Formal job interviews are a necessary part of the job search process. Most organizations will have multiple rounds of interviews, with at least one screening interview and an office visit/on-site interview. 
One of the first things to prepare for an interview is to perfect your elevator pitch. Elevator pitch also helps you answer the question "Tell me about yourself" in the interview. 

Read more about elevator pitch  →

Learn about the different types of interviews by watching the below video.


Behavioral interviews are a popular choice for recruiters and hiring managers to assess your fit for the position and the organization. Every interview you go through will include a behavioral interview component.
A popular sub-category of behavioral interview is situational questions. For example "Tell me about a time you had a conflict". "Tell me about the time..." questions are typically charecterized as situational since they require you to give an example from your past.
The best way to answer these questions is using the S.T.A.R method.


   Read more about the S.T.A.R method  →

Prepare for the Screening Interview

Do your research:
Researching for your screening job interview will be somewhat similar to the research you do to prepare for the Career Fair. Use the resources provided to you by Texas A&M University to research and prepare for the interview. Find relevant information about the company, industry, and job position and ensure a knowledgeable conversation with the interviewer. 


At the Screening Interview

Things to bring

Never assume that the interviewer has a copy of your information at the interview. Always be prepared to carry a set of professional documents in your portfolio. Bring:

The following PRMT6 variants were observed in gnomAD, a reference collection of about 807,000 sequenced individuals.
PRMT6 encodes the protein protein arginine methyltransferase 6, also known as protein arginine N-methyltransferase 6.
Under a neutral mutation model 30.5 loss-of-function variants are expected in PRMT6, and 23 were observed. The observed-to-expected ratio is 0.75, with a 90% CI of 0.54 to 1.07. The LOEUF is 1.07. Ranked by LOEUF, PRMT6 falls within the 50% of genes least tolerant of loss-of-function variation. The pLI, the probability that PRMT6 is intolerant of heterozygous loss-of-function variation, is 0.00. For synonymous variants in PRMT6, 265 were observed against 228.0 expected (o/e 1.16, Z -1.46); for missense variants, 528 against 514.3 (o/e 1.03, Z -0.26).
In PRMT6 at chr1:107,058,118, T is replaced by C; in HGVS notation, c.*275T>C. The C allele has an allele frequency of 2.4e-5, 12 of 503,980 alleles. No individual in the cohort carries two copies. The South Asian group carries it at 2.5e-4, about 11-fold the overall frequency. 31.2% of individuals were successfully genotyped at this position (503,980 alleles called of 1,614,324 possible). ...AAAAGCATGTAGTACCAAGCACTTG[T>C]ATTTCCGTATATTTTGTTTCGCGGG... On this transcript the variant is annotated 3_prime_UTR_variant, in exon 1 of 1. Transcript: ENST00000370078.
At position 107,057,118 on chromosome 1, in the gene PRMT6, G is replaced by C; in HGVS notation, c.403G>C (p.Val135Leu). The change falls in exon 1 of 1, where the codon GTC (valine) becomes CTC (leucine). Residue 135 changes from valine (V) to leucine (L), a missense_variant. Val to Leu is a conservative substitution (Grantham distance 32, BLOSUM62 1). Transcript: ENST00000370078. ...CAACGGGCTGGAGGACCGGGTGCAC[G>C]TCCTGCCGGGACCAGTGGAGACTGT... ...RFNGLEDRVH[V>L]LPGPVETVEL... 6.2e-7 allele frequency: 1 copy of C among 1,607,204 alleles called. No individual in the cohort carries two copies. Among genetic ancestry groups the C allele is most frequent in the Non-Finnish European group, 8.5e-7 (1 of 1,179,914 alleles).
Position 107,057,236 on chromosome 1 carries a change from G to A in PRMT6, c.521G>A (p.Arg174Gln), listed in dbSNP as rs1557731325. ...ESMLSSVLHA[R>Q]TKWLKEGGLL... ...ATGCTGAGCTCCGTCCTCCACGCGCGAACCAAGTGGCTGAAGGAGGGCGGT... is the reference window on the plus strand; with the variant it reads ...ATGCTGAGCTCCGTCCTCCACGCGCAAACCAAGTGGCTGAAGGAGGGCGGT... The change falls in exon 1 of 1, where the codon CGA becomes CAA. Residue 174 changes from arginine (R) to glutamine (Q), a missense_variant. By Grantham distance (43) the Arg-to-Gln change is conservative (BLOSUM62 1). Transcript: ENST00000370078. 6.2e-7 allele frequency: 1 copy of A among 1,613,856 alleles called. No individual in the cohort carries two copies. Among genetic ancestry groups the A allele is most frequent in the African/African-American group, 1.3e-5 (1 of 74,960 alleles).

• Resumes
  • Transcripts
  • References
  • Research notes (8-10 pages)
  • Questions (based on notes)
  • Samples of your previous work (if relevant)
  • Letters of recommendation (if relevant)
  • Pen and paper

Tips for during the interview

  • Always make a good first impression by arriving early to the interview, giving yourself plenty of time to park and find the right location
  • Make sure you look neatly groomed and in the appropriate attire
  • Smile and greet your interviewer with your name and a firm handshake. 
  • Most interviews start with the classic, “Tell me a little about yourself.” Your answer will influence the first impression your interviewer has of you, so be sure to have a solid, rehearsed elevator pitch ready.
  • Carefully listen to the questions your interviewer asks, and make sure your responses match what he or she is looking for. 
  • Be honest and concise when answering. 
  • Prepare and write down a number of questions to ask the interviewer.
  • Avoid discussing salary or benefits unless the interviewer initiates the discussion. 
  • Be aware of your rights and avoid illegal interview questions that employers cannot ask potential job candidates.

Tips for ending the interview

  • Get an answer from the interviewer as to what actions will take place next, and when they should occur. 
  • Request a business card from the interviewer and ask them if you can call or email for additional questions and follow-up on your application status.